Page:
I am working in the museum’s visitor’s center, which is mainly a place for visitors to get some background information about the museum and to use the bathroom.
A mother and her young daughter come in and my coworker starts telling the mother the museum’s history, which her daughter is unsurprisingly not at all interested in. I go over and start talking to the daughter, showing her where we are on the map and the “guess the texture” station. We then go into the next room where there are some (quite frankly, bizarre) sculptures by a local artist. I explain what they are as best I can and agree with the little girl that one of them looked like a chocolate cake.
When the mother is finally free from my coworker, she comes to collect her daughter who then gives me a hug. I saw them later as they were leaving the museum and the little girl gave me some “art,” which was mostly a couple pieces of paper glued together in a zig-zag shape. I’m glad that I was able to make the little girl feel welcome, and I still have the artwork!
(My daughter has special needs. She is an adult but is quite small and not very vocal. She will say hello, usually over and over after someone responds. Most of her sentences are one word long. I was shopping for a coat when a little boy in a cart behind me piped up.)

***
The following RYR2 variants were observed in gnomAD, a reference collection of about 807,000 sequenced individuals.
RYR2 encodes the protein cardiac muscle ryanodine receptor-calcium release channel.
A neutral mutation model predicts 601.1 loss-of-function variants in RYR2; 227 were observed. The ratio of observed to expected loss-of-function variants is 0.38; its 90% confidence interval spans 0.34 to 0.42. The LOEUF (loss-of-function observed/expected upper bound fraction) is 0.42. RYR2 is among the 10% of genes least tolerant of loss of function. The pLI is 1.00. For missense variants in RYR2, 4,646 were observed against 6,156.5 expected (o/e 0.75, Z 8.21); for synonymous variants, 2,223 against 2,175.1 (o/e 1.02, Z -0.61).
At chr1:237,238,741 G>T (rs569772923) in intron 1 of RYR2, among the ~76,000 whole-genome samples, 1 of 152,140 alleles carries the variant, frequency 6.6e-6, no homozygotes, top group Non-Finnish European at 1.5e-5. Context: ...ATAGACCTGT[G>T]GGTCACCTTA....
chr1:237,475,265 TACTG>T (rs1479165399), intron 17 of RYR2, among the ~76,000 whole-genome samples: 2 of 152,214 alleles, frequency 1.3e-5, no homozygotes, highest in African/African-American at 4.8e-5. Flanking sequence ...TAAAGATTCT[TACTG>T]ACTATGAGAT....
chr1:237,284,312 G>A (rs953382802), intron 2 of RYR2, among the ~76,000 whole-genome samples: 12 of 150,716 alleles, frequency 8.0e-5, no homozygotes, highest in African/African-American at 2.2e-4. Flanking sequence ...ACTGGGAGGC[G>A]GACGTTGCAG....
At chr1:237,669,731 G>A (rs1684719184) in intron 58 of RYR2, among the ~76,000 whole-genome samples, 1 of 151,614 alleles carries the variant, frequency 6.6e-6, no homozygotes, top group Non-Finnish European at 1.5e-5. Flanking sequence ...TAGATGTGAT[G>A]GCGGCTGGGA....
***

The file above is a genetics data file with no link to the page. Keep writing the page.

Me: *to the boy* “Hola, chico.” *to my daughter* “Okay, you’ve said hello, honey. You don’t have to keep saying it.”
Daughter: “Como estas lindo?” *how are you, cute? – guessing that’s as close as she could come to “cutie”*
Me: *silent in shock*
(The two chatted for a few minutes as I just stared.)
Daughter: *to Boy* “Bye, niño.” *walks up to me* “Spanish.” *except she can’t make the sp sound so what she said was ‘Panish*
(I speak English, German, and ASL with her. Not really sure how she even learned Spanish.)